The revelation that almost a million pupils risk dropping out of school this year owing to government’s failure to pay their fees under the Basic Education Assistance Module (Beam) threatens to derail the only real Zimbabwean success story.
Social Welfare director Sydney Mhishi told the Parliamentary Portfolio Committee on Public Service on Tuesday that government intended to fund 750 000 primary and 250 000 secondary school pupils this year.
But with just $15 million allocated to Beam, it can only support the education of 83 000 secondary school pupils meaning 167 000 targeted secondary school pupils and all the 750 000 targeted primary school pupils will miss out unless funding is secured.
The Zanu PF election manifesto for the July elections last year put education as an anchor of the country’s economic development and the party has always, justifiably, boasted about the success of its education revolution launched at Independence in 1980, which saw ZImbabwe become the most educated nation on the continent.
But the latest development shows that the wheels are now off.
The ruling Zanu PF government should critically look into this issue as leaving education to donors does not bode well for the development of our country.
The reasons why donor money has dried out should also be looked at honestly. The government — as usual — cites economic sanctions imposed on it by Western countries as the reason, but a critical look reveals another reason. Donors doubt the safety of their money and that it will be used for the purpose for which it is donated.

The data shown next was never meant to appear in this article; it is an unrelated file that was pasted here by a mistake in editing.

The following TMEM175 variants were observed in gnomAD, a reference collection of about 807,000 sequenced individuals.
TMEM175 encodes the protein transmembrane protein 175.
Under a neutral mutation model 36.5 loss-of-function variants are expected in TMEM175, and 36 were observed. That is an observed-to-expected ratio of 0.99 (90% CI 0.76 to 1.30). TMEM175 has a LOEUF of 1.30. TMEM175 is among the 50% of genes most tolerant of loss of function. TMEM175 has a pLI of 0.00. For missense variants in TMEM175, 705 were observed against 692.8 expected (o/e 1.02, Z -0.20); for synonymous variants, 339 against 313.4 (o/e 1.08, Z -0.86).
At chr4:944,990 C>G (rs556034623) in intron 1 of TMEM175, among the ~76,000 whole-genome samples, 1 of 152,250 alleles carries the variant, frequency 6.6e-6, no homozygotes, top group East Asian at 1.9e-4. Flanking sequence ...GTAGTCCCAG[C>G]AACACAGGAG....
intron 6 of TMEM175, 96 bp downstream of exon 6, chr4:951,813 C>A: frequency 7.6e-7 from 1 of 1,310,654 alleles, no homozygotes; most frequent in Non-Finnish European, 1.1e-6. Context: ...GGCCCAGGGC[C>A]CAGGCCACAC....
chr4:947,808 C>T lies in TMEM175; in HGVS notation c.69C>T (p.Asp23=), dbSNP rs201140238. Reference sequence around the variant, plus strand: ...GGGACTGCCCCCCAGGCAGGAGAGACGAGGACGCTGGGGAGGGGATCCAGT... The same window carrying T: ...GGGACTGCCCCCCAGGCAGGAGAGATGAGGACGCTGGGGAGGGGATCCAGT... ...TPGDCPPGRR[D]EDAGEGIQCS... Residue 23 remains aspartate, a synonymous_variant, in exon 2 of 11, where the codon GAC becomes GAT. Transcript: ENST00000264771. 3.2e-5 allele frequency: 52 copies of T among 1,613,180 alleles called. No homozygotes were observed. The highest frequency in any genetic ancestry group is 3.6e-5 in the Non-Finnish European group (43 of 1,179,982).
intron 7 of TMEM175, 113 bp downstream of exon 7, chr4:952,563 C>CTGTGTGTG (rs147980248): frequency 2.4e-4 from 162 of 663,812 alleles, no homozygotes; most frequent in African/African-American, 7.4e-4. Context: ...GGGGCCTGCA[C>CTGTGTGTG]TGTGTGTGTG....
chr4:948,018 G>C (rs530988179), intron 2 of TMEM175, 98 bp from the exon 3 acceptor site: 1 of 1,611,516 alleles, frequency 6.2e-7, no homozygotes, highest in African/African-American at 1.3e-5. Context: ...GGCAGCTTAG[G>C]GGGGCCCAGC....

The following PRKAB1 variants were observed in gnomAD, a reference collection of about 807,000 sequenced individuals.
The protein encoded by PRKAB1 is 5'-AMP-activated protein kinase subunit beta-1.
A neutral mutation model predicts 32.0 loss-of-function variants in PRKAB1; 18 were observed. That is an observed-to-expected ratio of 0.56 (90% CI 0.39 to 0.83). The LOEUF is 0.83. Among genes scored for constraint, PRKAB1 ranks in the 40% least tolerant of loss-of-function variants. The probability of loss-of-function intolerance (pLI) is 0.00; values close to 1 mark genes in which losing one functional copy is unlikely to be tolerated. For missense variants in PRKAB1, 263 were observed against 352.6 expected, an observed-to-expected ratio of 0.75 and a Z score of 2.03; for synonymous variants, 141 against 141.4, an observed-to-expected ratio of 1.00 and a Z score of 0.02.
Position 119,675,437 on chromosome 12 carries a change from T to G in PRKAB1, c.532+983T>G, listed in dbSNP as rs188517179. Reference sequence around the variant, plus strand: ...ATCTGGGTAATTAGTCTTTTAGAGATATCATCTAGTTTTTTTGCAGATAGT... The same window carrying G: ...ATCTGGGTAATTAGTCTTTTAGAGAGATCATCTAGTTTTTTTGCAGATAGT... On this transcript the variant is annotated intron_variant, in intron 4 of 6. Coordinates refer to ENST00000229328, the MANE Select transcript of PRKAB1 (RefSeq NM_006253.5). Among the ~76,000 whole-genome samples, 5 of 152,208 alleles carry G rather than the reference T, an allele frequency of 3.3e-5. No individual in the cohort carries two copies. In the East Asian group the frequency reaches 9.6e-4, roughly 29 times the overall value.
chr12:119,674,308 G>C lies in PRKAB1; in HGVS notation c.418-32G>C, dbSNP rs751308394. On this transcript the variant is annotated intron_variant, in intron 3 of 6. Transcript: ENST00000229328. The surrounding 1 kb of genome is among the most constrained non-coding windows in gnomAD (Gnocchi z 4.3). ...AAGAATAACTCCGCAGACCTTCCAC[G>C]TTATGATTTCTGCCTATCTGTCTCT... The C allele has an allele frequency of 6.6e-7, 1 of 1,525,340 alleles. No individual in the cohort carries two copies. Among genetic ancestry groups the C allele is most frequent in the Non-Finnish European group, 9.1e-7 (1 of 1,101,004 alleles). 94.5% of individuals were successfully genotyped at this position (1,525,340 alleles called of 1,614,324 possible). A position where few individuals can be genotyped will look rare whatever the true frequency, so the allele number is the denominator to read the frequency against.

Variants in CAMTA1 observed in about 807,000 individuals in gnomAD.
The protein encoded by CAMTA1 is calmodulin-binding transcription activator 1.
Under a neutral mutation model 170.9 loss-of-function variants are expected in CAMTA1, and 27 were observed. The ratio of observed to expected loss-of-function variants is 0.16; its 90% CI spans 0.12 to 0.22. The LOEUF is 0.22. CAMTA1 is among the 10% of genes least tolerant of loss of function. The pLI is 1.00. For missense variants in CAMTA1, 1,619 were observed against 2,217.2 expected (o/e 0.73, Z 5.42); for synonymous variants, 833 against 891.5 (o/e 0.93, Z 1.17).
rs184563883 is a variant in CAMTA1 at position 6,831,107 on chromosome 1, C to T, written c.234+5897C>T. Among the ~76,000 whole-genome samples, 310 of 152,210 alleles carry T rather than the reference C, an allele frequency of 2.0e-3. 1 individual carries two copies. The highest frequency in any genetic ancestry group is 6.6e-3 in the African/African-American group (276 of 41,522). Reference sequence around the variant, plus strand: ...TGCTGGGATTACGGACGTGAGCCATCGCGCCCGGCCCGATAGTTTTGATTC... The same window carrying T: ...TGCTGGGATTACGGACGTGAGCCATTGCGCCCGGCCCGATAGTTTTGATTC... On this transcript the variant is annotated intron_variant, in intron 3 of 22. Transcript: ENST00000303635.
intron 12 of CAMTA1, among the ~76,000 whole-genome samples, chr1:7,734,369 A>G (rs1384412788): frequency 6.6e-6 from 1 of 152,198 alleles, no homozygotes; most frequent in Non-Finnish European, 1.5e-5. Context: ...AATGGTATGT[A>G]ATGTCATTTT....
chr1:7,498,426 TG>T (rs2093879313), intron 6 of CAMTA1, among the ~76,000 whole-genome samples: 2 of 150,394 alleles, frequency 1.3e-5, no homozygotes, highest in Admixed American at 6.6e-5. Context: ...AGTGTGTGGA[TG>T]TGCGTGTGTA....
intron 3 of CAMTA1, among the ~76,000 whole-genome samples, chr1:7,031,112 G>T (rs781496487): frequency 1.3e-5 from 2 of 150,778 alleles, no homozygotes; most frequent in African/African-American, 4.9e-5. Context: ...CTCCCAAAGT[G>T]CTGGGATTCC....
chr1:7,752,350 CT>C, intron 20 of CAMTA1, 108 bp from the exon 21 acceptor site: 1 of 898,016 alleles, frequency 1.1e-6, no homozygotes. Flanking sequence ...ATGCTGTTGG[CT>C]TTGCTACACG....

During the subsistence of the inclusive government, donors were willing to assist because they believed their money was safe and would not be misused.
They are aware government is broke and is likely to divert their money to other areas as proposed by Finance and Economic Development minister Patrick Chinamasa that donors should channel funding directly into government coffers.
Government needs to reassure the donor community that money raised for the education sector will be used for education programmes such as Beam and the purchase of textbooks.
Zimbabwe has for decades been ranked at the apex of the literacy rate in Africa. But the huge gains made in the formative years of independence in education are now being eroded. This is an unfortunate development that must be addressed.
The sad part of all this is that it is the children of the poor who are affected most. In the long term this unfortunate development will lead to the growth of a huge class of illiterate and unemployable youths in both urban and rural centres threatening national stability.
It is, therefore, imperative for all stakeholders — parents, educationists and the government — to critically look at the education system and figure out a way of helping those who cannot pay their way through.
In the past the Education ministry came up with a distance education programme which is cheaper and quite effective if administered correctly. Many people during the colonial era got their education this way. It must be explored again.